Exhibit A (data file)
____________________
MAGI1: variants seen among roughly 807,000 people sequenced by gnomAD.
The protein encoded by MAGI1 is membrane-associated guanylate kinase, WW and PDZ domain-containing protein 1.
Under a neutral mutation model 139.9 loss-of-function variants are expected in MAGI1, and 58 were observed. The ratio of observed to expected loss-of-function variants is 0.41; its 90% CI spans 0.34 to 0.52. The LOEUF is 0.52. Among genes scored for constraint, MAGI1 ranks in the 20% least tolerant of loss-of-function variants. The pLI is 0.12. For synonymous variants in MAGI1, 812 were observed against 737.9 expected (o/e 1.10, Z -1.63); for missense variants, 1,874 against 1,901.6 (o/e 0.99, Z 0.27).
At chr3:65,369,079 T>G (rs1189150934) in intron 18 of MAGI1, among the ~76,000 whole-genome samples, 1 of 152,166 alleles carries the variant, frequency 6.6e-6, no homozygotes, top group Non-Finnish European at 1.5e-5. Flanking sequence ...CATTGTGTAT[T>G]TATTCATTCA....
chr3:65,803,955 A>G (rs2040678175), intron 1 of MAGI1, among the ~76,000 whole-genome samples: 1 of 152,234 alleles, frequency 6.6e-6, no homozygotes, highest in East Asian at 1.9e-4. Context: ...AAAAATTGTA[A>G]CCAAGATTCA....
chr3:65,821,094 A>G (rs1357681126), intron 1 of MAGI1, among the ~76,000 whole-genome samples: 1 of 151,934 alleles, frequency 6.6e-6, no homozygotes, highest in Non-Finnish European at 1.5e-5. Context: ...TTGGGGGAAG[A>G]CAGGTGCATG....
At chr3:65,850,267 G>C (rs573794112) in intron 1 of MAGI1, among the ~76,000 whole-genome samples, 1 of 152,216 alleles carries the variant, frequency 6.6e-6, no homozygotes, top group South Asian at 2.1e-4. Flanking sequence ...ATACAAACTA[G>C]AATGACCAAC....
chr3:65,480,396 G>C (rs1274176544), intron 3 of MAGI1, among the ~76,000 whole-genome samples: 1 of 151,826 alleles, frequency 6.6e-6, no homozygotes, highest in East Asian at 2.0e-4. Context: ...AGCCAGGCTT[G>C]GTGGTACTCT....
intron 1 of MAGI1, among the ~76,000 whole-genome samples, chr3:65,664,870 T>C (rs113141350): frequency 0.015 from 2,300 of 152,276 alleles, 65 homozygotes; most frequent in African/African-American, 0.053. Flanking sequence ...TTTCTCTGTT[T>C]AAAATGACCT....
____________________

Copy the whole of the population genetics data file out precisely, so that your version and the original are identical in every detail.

MAGI1: variants seen among roughly 807,000 people sequenced by gnomAD.
The protein encoded by MAGI1 is membrane-associated guanylate kinase, WW and PDZ domain-containing protein 1.
Under a neutral mutation model 139.9 loss-of-function variants are expected in MAGI1, and 58 were observed. The ratio of observed to expected loss-of-function variants is 0.41; its 90% CI spans 0.34 to 0.52. The LOEUF is 0.52. Among genes scored for constraint, MAGI1 ranks in the 20% least tolerant of loss-of-function variants. The pLI is 0.12. For synonymous variants in MAGI1, 812 were observed against 737.9 expected (o/e 1.10, Z -1.63); for missense variants, 1,874 against 1,901.6 (o/e 0.99, Z 0.27).
At chr3:65,369,079 T>G (rs1189150934) in intron 18 of MAGI1, among the ~76,000 whole-genome samples, 1 of 152,166 alleles carries the variant, frequency 6.6e-6, no homozygotes, top group Non-Finnish European at 1.5e-5. Flanking sequence ...CATTGTGTAT[T>G]TATTCATTCA....
chr3:65,803,955 A>G (rs2040678175), intron 1 of MAGI1, among the ~76,000 whole-genome samples: 1 of 152,234 alleles, frequency 6.6e-6, no homozygotes, highest in East Asian at 1.9e-4. Context: ...AAAAATTGTA[A>G]CCAAGATTCA....
chr3:65,821,094 A>G (rs1357681126), intron 1 of MAGI1, among the ~76,000 whole-genome samples: 1 of 151,934 alleles, frequency 6.6e-6, no homozygotes, highest in Non-Finnish European at 1.5e-5. Context: ...TTGGGGGAAG[A>G]CAGGTGCATG....
At chr3:65,850,267 G>C (rs573794112) in intron 1 of MAGI1, among the ~76,000 whole-genome samples, 1 of 152,216 alleles carries the variant, frequency 6.6e-6, no homozygotes, top group South Asian at 2.1e-4. Flanking sequence ...ATACAAACTA[G>C]AATGACCAAC....
chr3:65,480,396 G>C (rs1274176544), intron 3 of MAGI1, among the ~76,000 whole-genome samples: 1 of 151,826 alleles, frequency 6.6e-6, no homozygotes, highest in East Asian at 2.0e-4. Context: ...AGCCAGGCTT[G>C]GTGGTACTCT....
intron 1 of MAGI1, among the ~76,000 whole-genome samples, chr3:65,664,870 T>C (rs113141350): frequency 0.015 from 2,300 of 152,276 alleles, 65 homozygotes; most frequent in African/African-American, 0.053. Flanking sequence ...TTTCTCTGTT[T>C]AAAATGACCT....